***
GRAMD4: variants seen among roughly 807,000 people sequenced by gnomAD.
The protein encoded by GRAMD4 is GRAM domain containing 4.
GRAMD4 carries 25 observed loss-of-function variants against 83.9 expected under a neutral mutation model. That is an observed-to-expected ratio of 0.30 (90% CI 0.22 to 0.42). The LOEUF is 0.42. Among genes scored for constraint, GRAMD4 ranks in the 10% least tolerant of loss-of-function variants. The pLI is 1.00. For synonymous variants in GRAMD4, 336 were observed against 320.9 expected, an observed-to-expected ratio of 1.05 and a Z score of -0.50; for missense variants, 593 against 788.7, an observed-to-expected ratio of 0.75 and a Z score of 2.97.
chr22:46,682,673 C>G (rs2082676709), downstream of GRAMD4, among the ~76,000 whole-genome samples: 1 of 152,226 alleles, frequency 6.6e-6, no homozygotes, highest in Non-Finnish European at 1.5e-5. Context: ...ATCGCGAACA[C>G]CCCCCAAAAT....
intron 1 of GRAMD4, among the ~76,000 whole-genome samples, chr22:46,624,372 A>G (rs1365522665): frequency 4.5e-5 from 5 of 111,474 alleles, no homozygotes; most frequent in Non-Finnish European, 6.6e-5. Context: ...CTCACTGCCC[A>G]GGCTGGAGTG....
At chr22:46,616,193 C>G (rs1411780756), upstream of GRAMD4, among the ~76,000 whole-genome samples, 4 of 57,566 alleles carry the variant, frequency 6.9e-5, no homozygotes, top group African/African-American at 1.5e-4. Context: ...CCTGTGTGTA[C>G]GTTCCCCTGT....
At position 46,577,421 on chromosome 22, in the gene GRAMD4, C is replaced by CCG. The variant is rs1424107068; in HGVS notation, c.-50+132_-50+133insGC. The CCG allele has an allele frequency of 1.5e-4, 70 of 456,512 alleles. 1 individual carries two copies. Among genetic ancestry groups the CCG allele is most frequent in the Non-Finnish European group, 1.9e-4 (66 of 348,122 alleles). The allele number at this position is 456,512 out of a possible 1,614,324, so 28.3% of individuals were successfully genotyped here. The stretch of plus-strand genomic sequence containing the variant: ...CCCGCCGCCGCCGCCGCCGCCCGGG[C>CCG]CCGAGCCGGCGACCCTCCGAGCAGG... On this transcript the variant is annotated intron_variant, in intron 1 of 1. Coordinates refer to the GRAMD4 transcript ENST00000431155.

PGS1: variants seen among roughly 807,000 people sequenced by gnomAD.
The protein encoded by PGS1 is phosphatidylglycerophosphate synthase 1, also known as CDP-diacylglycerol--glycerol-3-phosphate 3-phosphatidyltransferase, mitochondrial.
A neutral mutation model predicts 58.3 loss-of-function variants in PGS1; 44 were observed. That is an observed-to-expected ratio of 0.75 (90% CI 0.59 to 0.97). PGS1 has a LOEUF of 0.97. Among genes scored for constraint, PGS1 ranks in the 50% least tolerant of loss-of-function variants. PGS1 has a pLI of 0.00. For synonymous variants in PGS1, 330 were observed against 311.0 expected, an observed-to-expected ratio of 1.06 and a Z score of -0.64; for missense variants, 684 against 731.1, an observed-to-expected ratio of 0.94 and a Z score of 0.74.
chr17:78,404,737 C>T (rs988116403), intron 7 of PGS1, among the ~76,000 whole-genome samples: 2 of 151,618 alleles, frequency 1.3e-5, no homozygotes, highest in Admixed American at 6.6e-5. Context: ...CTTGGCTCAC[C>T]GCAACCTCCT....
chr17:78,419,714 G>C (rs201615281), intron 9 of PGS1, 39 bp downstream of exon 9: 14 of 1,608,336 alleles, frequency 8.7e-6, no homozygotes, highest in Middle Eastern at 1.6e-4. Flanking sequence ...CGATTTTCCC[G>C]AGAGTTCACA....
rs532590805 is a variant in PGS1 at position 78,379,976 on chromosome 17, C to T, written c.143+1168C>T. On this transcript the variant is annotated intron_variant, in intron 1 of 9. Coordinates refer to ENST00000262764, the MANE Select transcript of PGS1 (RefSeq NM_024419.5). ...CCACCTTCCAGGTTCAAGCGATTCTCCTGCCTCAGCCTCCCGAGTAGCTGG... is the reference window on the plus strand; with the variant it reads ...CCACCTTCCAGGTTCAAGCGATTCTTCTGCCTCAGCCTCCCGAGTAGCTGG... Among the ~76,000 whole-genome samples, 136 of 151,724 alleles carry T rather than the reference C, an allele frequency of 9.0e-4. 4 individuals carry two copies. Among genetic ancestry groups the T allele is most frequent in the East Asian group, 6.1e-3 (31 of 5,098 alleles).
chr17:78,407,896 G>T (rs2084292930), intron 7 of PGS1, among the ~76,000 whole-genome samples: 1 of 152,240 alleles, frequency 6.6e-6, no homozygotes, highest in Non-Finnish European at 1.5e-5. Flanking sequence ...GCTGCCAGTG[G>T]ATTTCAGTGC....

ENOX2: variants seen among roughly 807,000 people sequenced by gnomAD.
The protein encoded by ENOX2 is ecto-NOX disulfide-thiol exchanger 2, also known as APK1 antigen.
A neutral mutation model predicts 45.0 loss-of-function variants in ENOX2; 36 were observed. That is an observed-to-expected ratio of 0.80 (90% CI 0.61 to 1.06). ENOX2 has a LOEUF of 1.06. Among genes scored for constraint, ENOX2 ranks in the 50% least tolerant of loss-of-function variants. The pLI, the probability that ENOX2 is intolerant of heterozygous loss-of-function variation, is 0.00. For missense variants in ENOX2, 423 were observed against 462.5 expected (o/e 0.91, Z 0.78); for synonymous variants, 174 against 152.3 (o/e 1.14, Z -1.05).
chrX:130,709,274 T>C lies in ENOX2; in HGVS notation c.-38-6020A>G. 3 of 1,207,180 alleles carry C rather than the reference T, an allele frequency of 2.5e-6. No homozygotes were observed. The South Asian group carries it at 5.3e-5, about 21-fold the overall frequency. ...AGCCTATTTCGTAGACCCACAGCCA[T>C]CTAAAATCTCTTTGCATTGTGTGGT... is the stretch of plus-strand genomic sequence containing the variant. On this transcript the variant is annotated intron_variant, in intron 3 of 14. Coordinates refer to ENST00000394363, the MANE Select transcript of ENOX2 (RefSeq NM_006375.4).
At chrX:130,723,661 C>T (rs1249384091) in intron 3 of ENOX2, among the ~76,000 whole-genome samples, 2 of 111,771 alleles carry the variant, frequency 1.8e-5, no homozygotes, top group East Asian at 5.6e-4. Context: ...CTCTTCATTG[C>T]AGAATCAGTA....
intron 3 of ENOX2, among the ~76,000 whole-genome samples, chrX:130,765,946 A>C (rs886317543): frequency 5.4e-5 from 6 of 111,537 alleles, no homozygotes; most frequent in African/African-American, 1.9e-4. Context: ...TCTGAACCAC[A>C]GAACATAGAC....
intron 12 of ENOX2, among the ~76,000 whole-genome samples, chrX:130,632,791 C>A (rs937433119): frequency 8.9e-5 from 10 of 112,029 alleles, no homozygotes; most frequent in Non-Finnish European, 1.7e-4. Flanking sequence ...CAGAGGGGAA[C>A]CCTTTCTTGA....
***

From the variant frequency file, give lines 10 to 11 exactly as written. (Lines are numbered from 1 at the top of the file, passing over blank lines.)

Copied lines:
A neutral mutation model predicts 58.3 loss-of-function variants in PGS1; 44 were observed. That is an observed-to-expected ratio of 0.75 (90% CI 0.59 to 0.97). PGS1 has a LOEUF of 0.97. Among genes scored for constraint, PGS1 ranks in the 50% least tolerant of loss-of-function variants. PGS1 has a pLI of 0.00. For synonymous variants in PGS1, 330 were observed against 311.0 expected, an observed-to-expected ratio of 1.06 and a Z score of -0.64; for missense variants, 684 against 731.1, an observed-to-expected ratio of 0.94 and a Z score of 0.74.
chr17:78,404,737 C>T (rs988116403), intron 7 of PGS1, among the ~76,000 whole-genome samples: 2 of 151,618 alleles, frequency 1.3e-5, no homozygotes, highest in Admixed American at 6.6e-5. Context: ...CTTGGCTCAC[C>T]GCAACCTCCT....